Badiara

Family - Lamiaceae - Coleus atropurpureus Benth.

Scientific names

Coleus atropurpureus Benth.
Coleus blumei Benth.
Coleus scutellarioides Linn.

Other vernacular names

INDONESIA: Daun iler, Miana, Ati-ati, Jawer kotok.

Common names

Badiara (Tag., Bis., Pamp.)
Lapunaya (Bis.)
Malaina (Tag., Bis., Pamp.)
Marayapa (Pamp.)
Mayana (Tag., Bis., Pamp.)

Mayana is a shared common name of (1) Coleus atropurpureus, badiara, and (2) Coleus blumei. Some compilattions list the two species as synonymous.
Coleus atropurpureus Benth. is a synonym of Plectranthus scutellarioides (L.) R.Br. The Plant List
Quisumbing’s compilation lists Coleus blumei (Mayana) as synonym of Plectranthus scutellarioides Blume.
The name “coleus”, still widely used by horticulturists and gardeners, is considered a defunct genus. Species have been placed under genus Solenostemon and genus Plectranthus. Wikipedia

Taxonomy
Quisumbing’s compilation lists Coleus atropurpureus (badiara) and Coleus blumei(mayana) as separate species. More recent compilations list the species as synonymous. K. Heyne does not separate it from C. blumei (now Solenostemon scutellarioides). – See:Mayana

Coleus is considered a defunct genus with species placed under genus Solenostemonand genus Plectranthus.

Botany
Badiara is a slender, hairy herb growing 60 to 89 cm high. Leaves are downy and dark violet, broadly ovate or rounded or notched, with scalloped margins. Petioles are 2.5 to 5 cm long. Flowers are stalked, borne in lax, erect panicles, 18 to 23 cm long. Calyx is bell-shaped, with 2 lips, the upper lip being ovate, lower one narrow-toothed. Corolla is pale violet and longer than the calyx.

Distribution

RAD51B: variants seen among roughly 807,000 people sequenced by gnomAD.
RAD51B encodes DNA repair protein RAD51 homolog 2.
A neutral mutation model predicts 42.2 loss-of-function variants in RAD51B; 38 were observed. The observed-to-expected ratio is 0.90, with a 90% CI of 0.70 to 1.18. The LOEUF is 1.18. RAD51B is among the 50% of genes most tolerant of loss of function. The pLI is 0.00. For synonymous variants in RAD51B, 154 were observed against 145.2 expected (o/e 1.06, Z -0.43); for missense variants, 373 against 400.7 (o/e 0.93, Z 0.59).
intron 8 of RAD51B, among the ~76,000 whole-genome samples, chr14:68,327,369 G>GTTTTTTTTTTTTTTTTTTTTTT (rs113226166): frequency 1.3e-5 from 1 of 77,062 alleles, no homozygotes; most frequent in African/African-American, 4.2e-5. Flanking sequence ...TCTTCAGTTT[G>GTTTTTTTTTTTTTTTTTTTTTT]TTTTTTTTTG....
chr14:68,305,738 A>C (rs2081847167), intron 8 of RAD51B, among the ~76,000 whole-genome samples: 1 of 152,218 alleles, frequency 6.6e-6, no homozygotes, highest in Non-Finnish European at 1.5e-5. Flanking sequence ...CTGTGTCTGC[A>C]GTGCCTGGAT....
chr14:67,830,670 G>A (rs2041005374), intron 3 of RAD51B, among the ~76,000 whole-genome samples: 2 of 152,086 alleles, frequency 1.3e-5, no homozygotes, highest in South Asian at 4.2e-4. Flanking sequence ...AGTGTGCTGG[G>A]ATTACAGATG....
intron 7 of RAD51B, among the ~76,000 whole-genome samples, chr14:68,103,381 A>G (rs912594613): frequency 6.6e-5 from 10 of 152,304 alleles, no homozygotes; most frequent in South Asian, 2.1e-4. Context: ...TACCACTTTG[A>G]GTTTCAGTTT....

Cultivated for ornamental purposes.

Parts used
Leaves, stems, roots.

Uses
Folkloric
– Poultice of fleshy leaves applied to bruises, contusions, etc.
– Elsewhere, decoction used internally for dyspepsia and wasting.
– Used as drops for ophthalmic.
– From Thailand to Malaya, pulped leafy stems or decoction used to stimulate digestion, used to relieve pain ascribed to the heart, congestion of the liver with swollen hands and feet. Leaf paste sometimes applied over the stomach, heart and glandular swellings.
– Also used for hemorrhoids and to regulate menstruation.
– Elsewhere, was once used to prevent conception.
– Roots used for colic and diarrhea.

Study Findings
– Bacteriostatic / Anti-Salmonella: Study evaluated the effect of an ethanol extract of Coleus atropurpureus L. Benth on S. enteritidis infection in mice. Results showed CA to be bacteriostatic and therapeutic at studied doses for S. enteritidis in mice.
– Activation of Anti-Tuberculous Drug Rifampicin: Study evaluated the anti-mycobacterial bioactivity of non polar compounds from Coleus atropurpureus. A cyclic ester terpenoid, 2′, 5′-dimethyl nzopelargonolactone has been isolated from the chloroform fraction from the leaves of C. atropurpureus. The isolate was active against M. tuberculosis and could also increase the sensitivity of the pathogen to rifampicin.

Availability
Wild-crafted.